As the musical powers of 51 became famous, local Charity committees resolved to utilise them in the cause of the widow and orphan and accordingly invited the Lodge to give a concert in aid of the Masonic Charities of Belfast. The concert was given in the Victoria Hall on February 15th 1878 and was a great success as a handsome sum was obtained and then was equally divided between the charities. Not long after, the Lodge was then known as the “Musical Lodge”.
The Jubilee of the Lodge was celebrated on the 11th September 1899 and was regarded as a very important event in the history of the Lodge and the W.M. gave and address to the brethren. The celebrations over, the lodge continued with renewed zest to carry on the work through the years which followed. By 1 May 1900, due to the success of the “Musical Lodge” a total of 276 brethren was registered comparing to the period of repression, this was a huge feat by the Lodge.
In August 1914, the “Great War” that we know as World War 1 commenced, it was the cause of many unexpected changes to the lodge with new adaptations for the new conditions the Lodge was subjected to. The “Ulster Boys” were not slow in responding to the call to service and many members of the Order joined the colours, amongst them were some from Lodge 51. There were six members who served in the war and Bro W.A Malone made the supreme sacrifice.
Then, when the dreadful slaughtering had continued for about one and a half years, the age-long feud between the Irish and English broke out in Ireland. The rebellion which commenced in Easter week of 1916, was the result, and later on, was followed by the civil war. This put a temporary stop to all Masonic work, and the seizure of the Freemasons’ Hall, Molesworth Street, Dublin, created great consternation amongst the members of the Craft. After a time, however, the premises were vacated and delivered up to Grand Lodge authorities without any material damage being done to the building.
On the 29th January, 1916, an official visit from this important lodge was paid to Lodge 51, in order that the brethren of the North might have an opportunity of learning the working and the object for which the “Lodge of Research” was formed. At the dinner following the Dublin brethren expressed their ranks for the enthusiasm with which they had been received and as a souvenir of their visit their W.M. was presented by Lodge 51 with a Maul, especially made from a hand grenade and suitably inscribed. Subsequently, a return visit was arranged and Lodge 51 invited to Dublin, but the unhappy disturbances which broke out in the South, during Easter week in 1916, intervened and the visit had to be postponed. It was not until the 18th October, 1916, that the visit became an accomplished fact.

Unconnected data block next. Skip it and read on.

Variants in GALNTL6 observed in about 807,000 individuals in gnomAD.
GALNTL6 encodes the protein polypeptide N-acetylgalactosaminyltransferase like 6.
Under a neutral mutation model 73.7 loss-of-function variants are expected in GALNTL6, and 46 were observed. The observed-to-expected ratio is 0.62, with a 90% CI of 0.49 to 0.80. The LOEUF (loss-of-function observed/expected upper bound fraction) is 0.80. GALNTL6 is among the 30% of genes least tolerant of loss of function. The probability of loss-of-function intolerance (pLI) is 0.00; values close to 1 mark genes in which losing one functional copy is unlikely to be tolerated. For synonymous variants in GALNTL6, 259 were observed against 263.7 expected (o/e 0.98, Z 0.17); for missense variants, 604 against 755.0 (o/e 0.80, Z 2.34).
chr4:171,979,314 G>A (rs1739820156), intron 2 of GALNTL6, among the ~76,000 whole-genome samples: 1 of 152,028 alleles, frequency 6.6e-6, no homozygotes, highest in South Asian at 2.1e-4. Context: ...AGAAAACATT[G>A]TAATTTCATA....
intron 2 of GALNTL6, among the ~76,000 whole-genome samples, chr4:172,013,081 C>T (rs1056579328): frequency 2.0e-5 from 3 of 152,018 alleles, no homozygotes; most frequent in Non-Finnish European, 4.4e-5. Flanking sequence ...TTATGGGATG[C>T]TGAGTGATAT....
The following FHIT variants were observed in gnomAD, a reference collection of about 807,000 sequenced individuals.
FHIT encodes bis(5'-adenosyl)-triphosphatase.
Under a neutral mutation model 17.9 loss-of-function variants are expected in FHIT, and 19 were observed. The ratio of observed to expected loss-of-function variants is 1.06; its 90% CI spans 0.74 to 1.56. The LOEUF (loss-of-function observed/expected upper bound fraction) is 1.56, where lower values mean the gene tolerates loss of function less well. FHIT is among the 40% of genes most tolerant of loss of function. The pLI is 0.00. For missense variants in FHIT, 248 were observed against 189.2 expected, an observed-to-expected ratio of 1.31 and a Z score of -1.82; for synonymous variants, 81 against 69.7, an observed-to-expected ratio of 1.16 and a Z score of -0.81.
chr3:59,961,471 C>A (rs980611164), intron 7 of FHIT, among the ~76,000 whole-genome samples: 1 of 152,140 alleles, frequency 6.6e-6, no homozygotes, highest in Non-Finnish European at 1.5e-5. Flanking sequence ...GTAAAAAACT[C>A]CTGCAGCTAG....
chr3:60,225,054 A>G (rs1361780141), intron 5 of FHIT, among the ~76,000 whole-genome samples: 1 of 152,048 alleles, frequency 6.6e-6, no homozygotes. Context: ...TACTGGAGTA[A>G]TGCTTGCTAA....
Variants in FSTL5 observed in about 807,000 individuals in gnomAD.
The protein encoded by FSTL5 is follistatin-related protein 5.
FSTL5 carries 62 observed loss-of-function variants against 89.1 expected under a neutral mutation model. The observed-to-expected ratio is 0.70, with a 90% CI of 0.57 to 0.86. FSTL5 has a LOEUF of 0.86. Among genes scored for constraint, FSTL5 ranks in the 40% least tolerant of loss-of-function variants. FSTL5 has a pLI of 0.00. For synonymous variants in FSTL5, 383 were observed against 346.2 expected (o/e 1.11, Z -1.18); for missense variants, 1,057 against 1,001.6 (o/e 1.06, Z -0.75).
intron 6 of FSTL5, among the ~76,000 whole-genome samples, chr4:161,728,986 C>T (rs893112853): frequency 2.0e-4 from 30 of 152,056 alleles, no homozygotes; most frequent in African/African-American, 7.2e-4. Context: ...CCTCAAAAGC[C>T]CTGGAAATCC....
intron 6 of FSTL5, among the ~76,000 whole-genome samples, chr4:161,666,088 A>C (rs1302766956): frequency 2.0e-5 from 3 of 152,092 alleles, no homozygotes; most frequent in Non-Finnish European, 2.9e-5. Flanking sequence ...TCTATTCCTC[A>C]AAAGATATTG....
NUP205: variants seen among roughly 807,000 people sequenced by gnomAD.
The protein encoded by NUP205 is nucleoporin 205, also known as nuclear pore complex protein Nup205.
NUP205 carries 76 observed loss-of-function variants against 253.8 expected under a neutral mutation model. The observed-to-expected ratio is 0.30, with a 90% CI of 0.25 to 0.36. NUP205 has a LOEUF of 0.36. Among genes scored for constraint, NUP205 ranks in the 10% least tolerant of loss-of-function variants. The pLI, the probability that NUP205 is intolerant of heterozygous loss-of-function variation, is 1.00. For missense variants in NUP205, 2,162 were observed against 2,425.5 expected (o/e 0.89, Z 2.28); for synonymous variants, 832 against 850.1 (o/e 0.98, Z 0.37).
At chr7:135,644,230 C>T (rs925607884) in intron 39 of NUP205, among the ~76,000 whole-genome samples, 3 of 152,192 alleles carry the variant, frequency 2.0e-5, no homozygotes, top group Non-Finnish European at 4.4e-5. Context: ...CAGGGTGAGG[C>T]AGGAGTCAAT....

During the evening following the Lodge meeting, the beautiful Maul was presented to the W.M. as a souvenir of the visit. Like many other good thing, the maul was the result of an accident, viz., a chance visit of some of our Dublin brethren to the Bank of Ireland, Dame Street, where repairs were being made to the platform of the old Irish House of Commons. Some small pieces of wood were lying about, and upon a request being made of one of the pieces it was readily granted.
That bit of oak was skilfully turned and fashioned into a beautiful emblem of the W.M.’s Authority. It was embellished with a silver band artistically engraved with characteristic Celtic art interlacing and Masonic ornaments. When the Maul was completed it was found that the balance was not quite satisfactory, and the order to remedy this defect a cavity was made, into which three leaden bullets were inserted. Three bullets were taken from the bandoleer of the O’Rahilly, one of the Irish leaders in the Easter Rebellion. This interchange of courtesies between the lodges was favourably commented upon, as contributing to a closer bond of friendship between the brethren of the North and South.
After the World War 1 ended, the Lodge has now flourished steadily without any worries that at7 February 1923 a total of 198 brethren registered where an extra 52 Brethren registered up to 3 December 1952, thus growing steadily. Another total of 67 brethren registered up to 7 March 1984 where it was then computerised by Grand Lodge, Freemasons’ Hall, 17 Molesworth Street, Dublin 2.